After modeling their first eatery, ROMA Restaurant, after the Roman Empire, Chef Brent Pilrain and his family opted to try something new, setting their sights on a colonial American theme. So when the family was greeted with the opportunity to open up a new kitchen in Liberty Village, the birth of Patriots Tavern seemed like kismet. Today, Chef Pilrain keeps up the colonial theme in both cuisine and décor, churning out a menu of New England–inspired fare and wood-oven-fired pizzas within a whitewashed mansion. Rich mahogany and stone details create a warm yet spacious interior dabbled with American flags and historical knickknacks, such as lanterns and George Washington’s original set of wooden press-on nails.
Greeting diners with the coziness of a North Woods lodge, Season's Tavern warms bellies with a hearty spread of burgers, steaks, fish, and sandwiches. The rustic eatery showcases fresh Canadian walleye throughout its menu in a variety of preparations. Cooks lightly bread and fry the fish to fill appetizer baskets, blacken fillets to line sandwiches, and fashion walleye into cakes to celebrate sailors' birthdays. Diners can also customize 7-ounce burgers with onion rings, cheese curds, and other toppings, or sample the tavern's monthly specials, such as the Wisconsin beer-cheese burger.
It's said that it takes 10,000 hours of practice to become an expert in your field. Hudson Optical's staff of professional eye-care specialists graph and bolster their patients' vision health inside a facility that hit its 10,000-hour mark more than 52,000 hours ago. Celebrating its 35th anniversary in 2012, Hudson Optical's trained associates continue to practice their learned craft while bringing in new technologies to ensure patients get optimal care. Doctors David P. Parupsky and Se Cecelia Xiong brandish skills gleaned from conquering their own hour cap to diagnose eye disease, address eyes' refraction needs, and perfect their own language of Morse-code blinks. The practice is located just off I-94, approximately 15 miles East of St. Paul.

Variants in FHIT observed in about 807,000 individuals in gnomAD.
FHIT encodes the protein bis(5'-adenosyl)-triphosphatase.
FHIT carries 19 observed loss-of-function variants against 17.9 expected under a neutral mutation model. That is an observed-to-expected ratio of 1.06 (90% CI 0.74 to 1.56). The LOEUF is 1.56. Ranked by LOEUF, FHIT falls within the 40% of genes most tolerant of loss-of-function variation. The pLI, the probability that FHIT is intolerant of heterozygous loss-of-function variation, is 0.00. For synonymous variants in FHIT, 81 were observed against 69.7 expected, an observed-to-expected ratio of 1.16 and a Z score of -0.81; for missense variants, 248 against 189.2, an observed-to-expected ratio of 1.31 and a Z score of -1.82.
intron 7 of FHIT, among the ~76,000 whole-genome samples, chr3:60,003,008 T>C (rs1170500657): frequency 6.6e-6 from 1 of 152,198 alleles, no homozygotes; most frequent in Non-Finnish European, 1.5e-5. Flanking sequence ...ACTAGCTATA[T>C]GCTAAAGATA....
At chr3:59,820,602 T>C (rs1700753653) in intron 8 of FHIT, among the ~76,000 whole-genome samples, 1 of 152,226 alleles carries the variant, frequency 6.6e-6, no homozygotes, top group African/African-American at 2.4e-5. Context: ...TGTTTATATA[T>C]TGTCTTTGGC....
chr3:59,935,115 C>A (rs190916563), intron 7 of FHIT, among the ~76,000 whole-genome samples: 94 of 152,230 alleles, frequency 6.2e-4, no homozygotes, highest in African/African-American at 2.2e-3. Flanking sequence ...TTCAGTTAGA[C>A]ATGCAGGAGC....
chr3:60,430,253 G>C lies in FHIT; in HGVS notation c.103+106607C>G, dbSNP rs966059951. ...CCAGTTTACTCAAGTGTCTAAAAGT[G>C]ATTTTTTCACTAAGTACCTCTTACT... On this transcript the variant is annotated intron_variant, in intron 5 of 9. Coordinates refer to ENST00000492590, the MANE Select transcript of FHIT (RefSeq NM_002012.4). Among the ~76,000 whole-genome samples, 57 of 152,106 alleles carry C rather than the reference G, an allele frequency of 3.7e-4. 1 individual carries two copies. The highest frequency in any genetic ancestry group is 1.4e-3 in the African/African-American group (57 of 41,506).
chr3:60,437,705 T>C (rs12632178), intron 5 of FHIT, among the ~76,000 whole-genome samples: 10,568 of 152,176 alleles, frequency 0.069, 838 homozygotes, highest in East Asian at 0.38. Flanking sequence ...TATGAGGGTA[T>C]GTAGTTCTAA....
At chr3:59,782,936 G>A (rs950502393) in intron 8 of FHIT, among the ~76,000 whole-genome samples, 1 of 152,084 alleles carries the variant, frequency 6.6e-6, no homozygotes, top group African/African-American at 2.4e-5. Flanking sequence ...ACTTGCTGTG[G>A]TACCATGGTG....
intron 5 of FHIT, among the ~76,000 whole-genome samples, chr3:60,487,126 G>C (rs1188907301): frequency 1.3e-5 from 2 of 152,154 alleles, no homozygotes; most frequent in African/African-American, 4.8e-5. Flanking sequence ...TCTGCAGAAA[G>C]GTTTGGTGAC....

SOS Coffee Bar and Dance Club inspires toe tapping with weekly dance lessons and parties in a positive environment free from the influence of alcohol or other substances. Taught by Robyn Mills, one-hour beginners' line-dancing classes introduce basic steps and coordination, progressing to more challenging routines that incorporate intricate choreographies, fancier footwork, and transcribing Victorian literature via toes. After mastering timid toes over a series of lessons, solo dancers can flaunt their legs and lyric-powered compasses to the public at Friday-night parties, featuring a soundtrack from a live DJ. Students can shuffle and slide the night away, demonstrating their newly acquired moves for randomly matched partners or impressing blind dates with complicated steps that cut through rugs and the metaphysical walls that separate dimensions.